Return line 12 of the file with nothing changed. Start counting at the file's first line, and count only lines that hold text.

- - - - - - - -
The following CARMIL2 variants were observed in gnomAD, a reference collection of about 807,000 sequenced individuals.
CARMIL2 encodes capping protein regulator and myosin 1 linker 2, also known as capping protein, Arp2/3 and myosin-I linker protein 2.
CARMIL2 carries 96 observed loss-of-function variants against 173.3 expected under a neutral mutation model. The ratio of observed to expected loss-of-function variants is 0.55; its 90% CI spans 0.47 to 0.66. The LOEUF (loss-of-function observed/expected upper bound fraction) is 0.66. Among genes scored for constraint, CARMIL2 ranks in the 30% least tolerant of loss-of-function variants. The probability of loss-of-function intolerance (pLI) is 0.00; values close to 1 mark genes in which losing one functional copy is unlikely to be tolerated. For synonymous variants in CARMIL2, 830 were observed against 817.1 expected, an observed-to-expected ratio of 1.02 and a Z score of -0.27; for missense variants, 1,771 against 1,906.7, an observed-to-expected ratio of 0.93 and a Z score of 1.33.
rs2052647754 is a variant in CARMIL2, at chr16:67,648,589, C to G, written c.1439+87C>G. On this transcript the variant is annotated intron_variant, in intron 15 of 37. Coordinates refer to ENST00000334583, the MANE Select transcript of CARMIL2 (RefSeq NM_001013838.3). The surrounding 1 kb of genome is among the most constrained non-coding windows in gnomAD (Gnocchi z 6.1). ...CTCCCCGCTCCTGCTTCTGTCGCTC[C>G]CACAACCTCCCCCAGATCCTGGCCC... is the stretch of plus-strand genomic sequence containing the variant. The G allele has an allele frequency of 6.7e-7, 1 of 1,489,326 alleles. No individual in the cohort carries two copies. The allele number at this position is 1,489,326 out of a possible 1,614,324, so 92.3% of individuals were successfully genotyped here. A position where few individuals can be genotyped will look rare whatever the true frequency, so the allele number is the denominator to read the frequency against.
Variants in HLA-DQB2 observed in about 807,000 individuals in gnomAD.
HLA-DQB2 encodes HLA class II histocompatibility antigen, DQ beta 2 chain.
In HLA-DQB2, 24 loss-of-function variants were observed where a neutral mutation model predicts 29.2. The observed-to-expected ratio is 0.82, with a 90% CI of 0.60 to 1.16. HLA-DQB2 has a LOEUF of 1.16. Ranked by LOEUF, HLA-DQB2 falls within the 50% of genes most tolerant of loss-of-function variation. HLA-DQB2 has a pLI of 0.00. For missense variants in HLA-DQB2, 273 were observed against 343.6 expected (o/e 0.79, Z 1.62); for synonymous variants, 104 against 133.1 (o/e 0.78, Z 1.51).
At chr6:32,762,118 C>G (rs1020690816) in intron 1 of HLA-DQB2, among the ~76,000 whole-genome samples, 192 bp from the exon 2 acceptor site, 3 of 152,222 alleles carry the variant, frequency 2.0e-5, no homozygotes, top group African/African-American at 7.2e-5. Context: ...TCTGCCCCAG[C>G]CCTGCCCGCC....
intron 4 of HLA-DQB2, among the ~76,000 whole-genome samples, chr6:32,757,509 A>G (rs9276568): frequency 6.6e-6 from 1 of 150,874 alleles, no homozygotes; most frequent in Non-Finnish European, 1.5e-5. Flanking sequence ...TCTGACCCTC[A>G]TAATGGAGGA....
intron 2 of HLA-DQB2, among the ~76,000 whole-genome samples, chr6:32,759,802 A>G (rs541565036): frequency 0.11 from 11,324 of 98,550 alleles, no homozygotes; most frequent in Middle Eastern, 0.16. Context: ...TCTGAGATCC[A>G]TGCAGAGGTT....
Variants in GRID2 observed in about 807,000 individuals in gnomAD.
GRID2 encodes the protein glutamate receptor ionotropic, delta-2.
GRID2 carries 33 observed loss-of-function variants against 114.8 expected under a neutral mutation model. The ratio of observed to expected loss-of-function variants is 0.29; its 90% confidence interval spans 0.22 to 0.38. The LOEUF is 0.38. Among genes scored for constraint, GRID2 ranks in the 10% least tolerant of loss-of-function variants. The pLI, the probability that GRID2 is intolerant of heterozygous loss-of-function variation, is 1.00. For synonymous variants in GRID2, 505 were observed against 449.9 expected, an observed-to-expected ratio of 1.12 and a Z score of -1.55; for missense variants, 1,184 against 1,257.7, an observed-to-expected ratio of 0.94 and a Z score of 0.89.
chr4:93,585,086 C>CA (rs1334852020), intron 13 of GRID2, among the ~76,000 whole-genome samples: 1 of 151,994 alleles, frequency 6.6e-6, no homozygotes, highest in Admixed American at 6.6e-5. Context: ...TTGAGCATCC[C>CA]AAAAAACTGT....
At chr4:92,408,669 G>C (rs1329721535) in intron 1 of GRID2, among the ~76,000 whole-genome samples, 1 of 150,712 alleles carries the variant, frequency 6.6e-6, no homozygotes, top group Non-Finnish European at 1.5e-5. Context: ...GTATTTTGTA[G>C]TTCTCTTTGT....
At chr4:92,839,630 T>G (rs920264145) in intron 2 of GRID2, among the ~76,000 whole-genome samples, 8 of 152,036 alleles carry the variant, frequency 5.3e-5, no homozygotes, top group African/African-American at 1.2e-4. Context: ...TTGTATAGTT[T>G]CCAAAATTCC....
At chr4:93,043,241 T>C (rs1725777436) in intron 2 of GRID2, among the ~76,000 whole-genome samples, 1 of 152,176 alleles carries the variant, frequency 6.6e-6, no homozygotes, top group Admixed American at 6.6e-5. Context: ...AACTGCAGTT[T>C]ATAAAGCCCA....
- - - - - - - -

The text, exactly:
GRID2 encodes the protein glutamate receptor ionotropic, delta-2.